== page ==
Obama Stresses Trade Deficit in Call to China

February 2, 2009


The linked article reports on a phone call that took place between Barack Obama and Chinese leader Hu Jintao on Friday.  It seems that Obama’s main thrust during the call was to emphasize the need to “correct global trade imbalances.” 

U.S. President Barack Obama told Chinese leader Hu Jintao in a phone call on Friday the two countries must work together to correct global trade imbalances and unclog credit markets to fight the world economic crisis, the White House said on Friday.

This is another good sign that president Obama “gets it” when it comes to trade and the role of the trade deficit in the collapse of our economy.  Of equal interest is Jintao’s predictable response:

The Chinese news agency Xinhua said Hu told Obama that China firmly opposed trade or investment protectionism as part of settling the crisis and said Beijing would join Washington in promoting stable development at an economic summit in London in April.

Isn’t it interesting that the nation with the huge trade surplus opposes any protectionism on the part of the United States, while conveniently forgetting or ignoring the Chinese protectionist policies that are actually supported and enforced against the U.S. by the WTO (World Trade Organization)?  Jintao can “oppose” all he wants, but he’s powerless to do anything about it.  If the U.S. imposes tariffs on China, regardless of whether it’s done out of an erroneous belief that China manipulates its currency or if it’s done out of recognition of the role of population density in skewing trade results, China’s only option is to retaliate with tariffs of their own, a classic case of cutting off their nose to spite their face.  A trade war between the U.S. and China will only hurt the nation who begins the war with a trade surplus, and that’s China. 

The phone call took place just days after U.S. Treasury Secretary Timothy Geithner angered Beijing by telling a Senate confirmation hearing that China manipulated its currency.

Geithner’s statement was no slip of the tongue.  Both he and his boss, Obama, knew exactly what was being said and what China’s reaction would be, but had the guts to tell it like it is anyway. 

China had reacted angrily to Geithner’s statement. Premier Wen Jiabao told the World Economic Forum in Davos the United States was responsible for the global economic crisis, citing its “inappropriate macroeconomic policies,” low savings rates and high consumption.

Here, I actually agree with the Chinese premier.  “Inappropriate macroeconomic policies” of the U.S. – specifically our trade policy which has allowed a collosal trade imbalance to persist – is directly to blame for the global economic crisis.  And the time is long overdue for the Obama administration to eliminate this huge imbalance.  Overpopulated nations like China, Japan, Korea, Germany and others can finally step up to the plate and start pulling their weight, buying as much from us as we buy from them, or we can do it without them by imposing tariffs.  It’s their choice, but it’s time to act.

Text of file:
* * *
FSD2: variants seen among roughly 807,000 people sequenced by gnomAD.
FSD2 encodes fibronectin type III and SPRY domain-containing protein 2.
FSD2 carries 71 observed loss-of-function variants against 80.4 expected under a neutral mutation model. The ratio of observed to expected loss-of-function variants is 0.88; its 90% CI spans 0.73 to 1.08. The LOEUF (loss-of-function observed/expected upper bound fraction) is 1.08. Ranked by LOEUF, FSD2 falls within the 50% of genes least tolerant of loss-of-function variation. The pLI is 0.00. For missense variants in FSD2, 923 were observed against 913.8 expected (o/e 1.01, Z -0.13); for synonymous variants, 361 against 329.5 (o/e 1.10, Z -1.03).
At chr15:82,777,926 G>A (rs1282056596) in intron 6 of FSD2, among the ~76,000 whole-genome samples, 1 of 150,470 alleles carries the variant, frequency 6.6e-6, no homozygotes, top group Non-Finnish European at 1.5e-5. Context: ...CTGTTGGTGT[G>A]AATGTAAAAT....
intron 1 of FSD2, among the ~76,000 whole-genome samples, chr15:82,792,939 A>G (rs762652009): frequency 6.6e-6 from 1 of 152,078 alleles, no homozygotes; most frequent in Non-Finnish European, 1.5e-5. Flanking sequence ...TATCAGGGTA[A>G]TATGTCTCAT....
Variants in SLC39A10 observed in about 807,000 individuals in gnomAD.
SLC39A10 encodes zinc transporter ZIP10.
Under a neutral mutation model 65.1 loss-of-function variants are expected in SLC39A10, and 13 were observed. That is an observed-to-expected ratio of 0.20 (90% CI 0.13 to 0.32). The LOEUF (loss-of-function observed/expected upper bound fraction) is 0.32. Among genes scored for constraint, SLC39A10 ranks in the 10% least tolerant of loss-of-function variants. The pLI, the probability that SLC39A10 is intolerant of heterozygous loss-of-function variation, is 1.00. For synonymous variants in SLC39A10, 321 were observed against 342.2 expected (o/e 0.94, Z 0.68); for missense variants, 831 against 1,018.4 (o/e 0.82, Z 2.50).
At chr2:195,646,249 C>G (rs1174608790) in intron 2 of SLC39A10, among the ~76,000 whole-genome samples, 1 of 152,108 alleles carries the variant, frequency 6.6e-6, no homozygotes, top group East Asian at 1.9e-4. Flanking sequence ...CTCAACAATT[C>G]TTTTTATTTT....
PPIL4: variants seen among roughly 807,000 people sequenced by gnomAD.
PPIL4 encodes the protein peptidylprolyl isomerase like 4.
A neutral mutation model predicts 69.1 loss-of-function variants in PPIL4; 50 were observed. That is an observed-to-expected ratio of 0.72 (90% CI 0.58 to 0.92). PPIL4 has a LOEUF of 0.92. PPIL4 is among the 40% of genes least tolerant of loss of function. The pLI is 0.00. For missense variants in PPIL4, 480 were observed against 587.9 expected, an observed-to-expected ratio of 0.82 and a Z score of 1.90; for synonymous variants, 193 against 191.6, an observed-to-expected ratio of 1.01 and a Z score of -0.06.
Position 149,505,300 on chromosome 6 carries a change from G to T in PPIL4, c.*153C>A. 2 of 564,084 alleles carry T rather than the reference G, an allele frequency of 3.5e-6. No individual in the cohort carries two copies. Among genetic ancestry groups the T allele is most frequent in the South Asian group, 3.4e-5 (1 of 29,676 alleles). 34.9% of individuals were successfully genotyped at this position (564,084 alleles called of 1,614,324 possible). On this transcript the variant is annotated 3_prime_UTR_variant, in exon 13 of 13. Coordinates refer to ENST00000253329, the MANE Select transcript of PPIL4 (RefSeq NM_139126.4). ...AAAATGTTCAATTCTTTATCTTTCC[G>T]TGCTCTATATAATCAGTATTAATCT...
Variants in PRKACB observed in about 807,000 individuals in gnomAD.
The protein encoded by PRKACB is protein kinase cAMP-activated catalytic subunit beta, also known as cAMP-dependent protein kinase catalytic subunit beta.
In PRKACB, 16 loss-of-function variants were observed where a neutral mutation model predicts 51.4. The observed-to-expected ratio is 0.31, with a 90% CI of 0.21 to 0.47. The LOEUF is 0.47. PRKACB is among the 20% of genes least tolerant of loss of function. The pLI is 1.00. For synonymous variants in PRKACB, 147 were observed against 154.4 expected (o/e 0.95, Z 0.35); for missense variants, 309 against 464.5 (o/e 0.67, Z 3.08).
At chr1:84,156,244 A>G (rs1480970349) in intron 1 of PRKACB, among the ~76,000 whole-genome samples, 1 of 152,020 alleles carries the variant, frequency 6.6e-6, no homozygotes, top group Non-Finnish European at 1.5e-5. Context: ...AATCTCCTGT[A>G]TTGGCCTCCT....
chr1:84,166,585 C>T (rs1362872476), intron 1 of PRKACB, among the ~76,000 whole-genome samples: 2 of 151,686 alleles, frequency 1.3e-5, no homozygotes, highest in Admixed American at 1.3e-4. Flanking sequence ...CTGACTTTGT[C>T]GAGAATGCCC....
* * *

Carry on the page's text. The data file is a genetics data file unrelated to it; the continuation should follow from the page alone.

Geithner: China Currency Manipulation a “Significant Issue”

January 21, 2009


As reported in this linked article, Timothy Geithner, Obama’s Treasury Secretary nominee, when questioned about currency manipulation by China, described it as a “significant issue” and as “… an important issue for the country …” 

I’ve really got my antennae up, alert for any clues as to whether or not Obama will really take meaningful action to restore a balance of trade.  This is just one, small, early indication that he’s willing to take it on.  Yes, I’m making a bit of a leap from Chinese currency manipulation to our overall trade deficit, but why else would Obama be concerned about this issue?  Does he merely want American consumers to pay more for imports from China?  It doesn’t seem logical that that’s all he’s after.  A strengthening yuan would indeed drive up the cost of Chinese imports, but what he’s really after is a restoration of the profit potential to motivate a return to manufacturing products domestically, driving up the demand for labor which, in turn, would drive up incomes, more than off-setting any rise in prices. 

Of course, if we wait for currency valuation to improve the trade deficit, we’ll be waiting forever, just as we have for the last three decades.  The dollar may fall against the yuan, but the Chinese will simply compensate in some other way – perhaps by increasing the government’s subsidies of Chinese manufacturers – in order to hold prices down.  So the real question is how quickly Obama will run out of patience.  When he does, it’s going to be fun to watch what happens!